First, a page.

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Splatterloose Foothouse Five

March 7, 2012

The perpetual, unconquerable list of things that I suddenly develop an interest in and appreciation for decades after everyone else continues apace. This week it is Kurt Vonnegut’s novel Slaughterhouse-Five and the Sonic Youth album ‘Goo’.

Such is the way of modern pop culture cross-pollination that I first became aware of Slaughterhouse-Five when it was mentioned in the 1984 film Footloose, starring Kevin Bacon. Vonnegut’s satirical novel is the centrepiece of a subplot wherein the reactionary denizens of a small bumblefuck town in Oklahoma are incensed at the book being included in a high school curriculum and eventually convene a good ole book burning to rectify the problem. Fish-out-of-water, free-wheelin’ rebel kid new to the small town that he is, Bacon’s character Ren shocks and offends some townsfolk who ask his opinion of the book only to have him respond, “It’s a classic!”
Now, at the time, I was barely aware of who Kurt Vonnegut was. I had probably read his seminal short story ‘Harrison Bergeron‘ by that age but I had not retained Vonnegut’s name in my memory. I had never heard of Slaughterhouse-Five before watching Footloose. The word ‘slaughterhouse’, though it should have prompted me to think merely of a common abattoir, instead immediately brought to my mind the original arcade video game Splatterhouse featuring a playable character modeled on Jason Voorhees from the Friday the 13th franchise (hockey mask and boiler suit) who ventured through a large spooky mansion dismembering ghouls with a meat cleaver. I knew the novel forming the subplot in Footloose was unlikely to have any connection to a video game riffing on famous horror movies of the era but, knowing nothing about the book, and being influenced by mental images of the game, I kept picturing a Jason mask and bloody cleaver and imagining Slaughterhouse Five was some kind of gory horror novel which was nonetheless in possession of sufficient literary merit that liberal-minded Americans considered it as worthy of “classic” status. Needless to say, I was puzzled.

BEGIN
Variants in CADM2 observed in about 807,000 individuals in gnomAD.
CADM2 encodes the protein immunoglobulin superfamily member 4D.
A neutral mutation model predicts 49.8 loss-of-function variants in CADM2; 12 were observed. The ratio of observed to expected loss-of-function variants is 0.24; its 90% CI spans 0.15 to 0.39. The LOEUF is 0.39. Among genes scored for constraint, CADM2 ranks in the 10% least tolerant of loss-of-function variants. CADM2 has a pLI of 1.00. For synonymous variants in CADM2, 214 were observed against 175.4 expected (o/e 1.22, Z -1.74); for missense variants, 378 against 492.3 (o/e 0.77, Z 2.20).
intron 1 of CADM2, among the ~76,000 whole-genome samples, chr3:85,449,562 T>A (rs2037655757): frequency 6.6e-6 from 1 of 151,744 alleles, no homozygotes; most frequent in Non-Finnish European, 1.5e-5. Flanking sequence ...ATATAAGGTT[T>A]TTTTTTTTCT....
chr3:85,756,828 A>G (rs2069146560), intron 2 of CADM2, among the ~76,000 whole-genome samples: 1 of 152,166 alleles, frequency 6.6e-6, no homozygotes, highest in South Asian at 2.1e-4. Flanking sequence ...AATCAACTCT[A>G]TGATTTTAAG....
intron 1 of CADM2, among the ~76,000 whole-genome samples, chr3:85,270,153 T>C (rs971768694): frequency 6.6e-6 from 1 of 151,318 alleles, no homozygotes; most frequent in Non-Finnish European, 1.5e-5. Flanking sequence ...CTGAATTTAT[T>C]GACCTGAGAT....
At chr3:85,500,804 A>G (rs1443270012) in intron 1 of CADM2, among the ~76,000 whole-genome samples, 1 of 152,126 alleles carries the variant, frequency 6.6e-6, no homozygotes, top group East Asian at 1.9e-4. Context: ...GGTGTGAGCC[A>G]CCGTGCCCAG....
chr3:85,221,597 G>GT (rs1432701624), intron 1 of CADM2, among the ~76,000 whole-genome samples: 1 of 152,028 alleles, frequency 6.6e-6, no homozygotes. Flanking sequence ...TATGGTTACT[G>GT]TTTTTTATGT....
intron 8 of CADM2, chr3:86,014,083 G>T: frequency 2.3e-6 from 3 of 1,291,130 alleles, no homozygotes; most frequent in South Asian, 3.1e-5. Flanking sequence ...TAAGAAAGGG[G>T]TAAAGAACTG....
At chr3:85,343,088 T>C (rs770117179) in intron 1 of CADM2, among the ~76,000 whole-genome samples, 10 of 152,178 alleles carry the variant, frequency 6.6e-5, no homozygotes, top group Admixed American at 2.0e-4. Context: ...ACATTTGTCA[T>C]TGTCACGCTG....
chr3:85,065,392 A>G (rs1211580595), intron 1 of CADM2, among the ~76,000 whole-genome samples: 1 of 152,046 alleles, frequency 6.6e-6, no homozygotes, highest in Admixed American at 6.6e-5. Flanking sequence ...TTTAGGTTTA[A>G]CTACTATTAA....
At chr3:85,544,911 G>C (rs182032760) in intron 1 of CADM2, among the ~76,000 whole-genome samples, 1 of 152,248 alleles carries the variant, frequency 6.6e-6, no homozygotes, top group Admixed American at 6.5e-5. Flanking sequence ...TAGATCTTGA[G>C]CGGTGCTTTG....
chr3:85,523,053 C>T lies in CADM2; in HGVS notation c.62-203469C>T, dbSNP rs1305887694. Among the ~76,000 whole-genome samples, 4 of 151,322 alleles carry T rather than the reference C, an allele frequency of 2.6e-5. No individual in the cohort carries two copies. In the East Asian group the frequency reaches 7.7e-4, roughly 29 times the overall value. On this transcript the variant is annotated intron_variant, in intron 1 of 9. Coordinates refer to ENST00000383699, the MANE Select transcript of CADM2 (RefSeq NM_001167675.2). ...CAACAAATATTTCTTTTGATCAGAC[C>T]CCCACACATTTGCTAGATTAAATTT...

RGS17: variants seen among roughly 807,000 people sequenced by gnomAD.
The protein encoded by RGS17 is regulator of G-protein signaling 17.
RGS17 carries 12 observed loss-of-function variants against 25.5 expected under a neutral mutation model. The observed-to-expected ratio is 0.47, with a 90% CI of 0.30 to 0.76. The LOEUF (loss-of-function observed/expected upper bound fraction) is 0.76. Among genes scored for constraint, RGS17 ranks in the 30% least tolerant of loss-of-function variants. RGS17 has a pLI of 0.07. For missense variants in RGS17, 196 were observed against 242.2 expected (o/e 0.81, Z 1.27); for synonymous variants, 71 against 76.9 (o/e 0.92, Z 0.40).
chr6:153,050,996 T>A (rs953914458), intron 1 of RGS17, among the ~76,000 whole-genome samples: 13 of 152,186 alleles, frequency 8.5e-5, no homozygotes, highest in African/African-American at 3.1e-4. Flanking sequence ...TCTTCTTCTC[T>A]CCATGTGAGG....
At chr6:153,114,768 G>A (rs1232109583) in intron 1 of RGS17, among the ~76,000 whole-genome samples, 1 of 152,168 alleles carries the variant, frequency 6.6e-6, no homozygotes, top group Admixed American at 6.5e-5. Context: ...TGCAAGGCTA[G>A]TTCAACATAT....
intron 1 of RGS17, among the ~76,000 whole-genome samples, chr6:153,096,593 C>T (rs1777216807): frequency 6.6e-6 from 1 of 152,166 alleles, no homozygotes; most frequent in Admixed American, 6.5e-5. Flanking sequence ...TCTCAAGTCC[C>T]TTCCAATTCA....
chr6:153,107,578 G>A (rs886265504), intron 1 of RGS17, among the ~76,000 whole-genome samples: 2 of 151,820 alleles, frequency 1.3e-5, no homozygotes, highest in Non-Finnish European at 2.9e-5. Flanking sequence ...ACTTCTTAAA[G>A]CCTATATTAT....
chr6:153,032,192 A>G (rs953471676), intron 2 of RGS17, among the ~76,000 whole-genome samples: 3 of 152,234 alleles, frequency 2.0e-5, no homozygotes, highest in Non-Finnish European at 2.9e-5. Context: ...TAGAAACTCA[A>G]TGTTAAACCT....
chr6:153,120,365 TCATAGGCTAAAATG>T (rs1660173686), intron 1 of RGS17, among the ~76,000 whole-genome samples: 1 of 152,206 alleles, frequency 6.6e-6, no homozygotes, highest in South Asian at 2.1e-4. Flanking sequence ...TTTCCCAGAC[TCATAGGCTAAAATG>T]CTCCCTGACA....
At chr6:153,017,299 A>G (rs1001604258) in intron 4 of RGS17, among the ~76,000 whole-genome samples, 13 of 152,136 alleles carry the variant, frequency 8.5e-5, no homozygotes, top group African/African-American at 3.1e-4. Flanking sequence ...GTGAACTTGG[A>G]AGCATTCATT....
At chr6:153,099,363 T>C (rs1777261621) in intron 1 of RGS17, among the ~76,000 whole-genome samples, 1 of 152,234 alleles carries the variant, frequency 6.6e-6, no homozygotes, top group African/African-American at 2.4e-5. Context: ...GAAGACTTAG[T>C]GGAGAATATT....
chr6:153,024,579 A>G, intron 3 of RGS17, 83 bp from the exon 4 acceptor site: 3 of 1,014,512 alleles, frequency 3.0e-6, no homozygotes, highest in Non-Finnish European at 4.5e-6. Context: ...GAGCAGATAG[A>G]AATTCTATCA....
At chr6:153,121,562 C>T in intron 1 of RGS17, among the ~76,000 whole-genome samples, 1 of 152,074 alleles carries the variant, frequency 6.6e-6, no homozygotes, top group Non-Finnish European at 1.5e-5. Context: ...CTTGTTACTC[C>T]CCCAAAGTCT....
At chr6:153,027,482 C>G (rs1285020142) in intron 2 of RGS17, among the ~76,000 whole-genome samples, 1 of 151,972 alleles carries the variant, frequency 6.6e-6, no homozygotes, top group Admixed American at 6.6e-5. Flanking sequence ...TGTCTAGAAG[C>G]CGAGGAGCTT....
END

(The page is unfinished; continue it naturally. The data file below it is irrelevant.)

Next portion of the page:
Thus did my wild misconception of Slaughterhouse-Five haunt me for some time until I finally came to read some detailed descriptions of the novel and my brain made the necessary corrections. Although appropriately informed of the novel’s content for many years now, I only came to read it recently at last. However, throughout the short time it took to ingest Vonnegut’s slim book; I was constantly reminded of that same scene in Footloose with Kevin Bacon’s declaration, “It’s a classic” playing in my head like a bad ad slogan and with it would follow the recollection of my initial erroneous musings on the novel itself.

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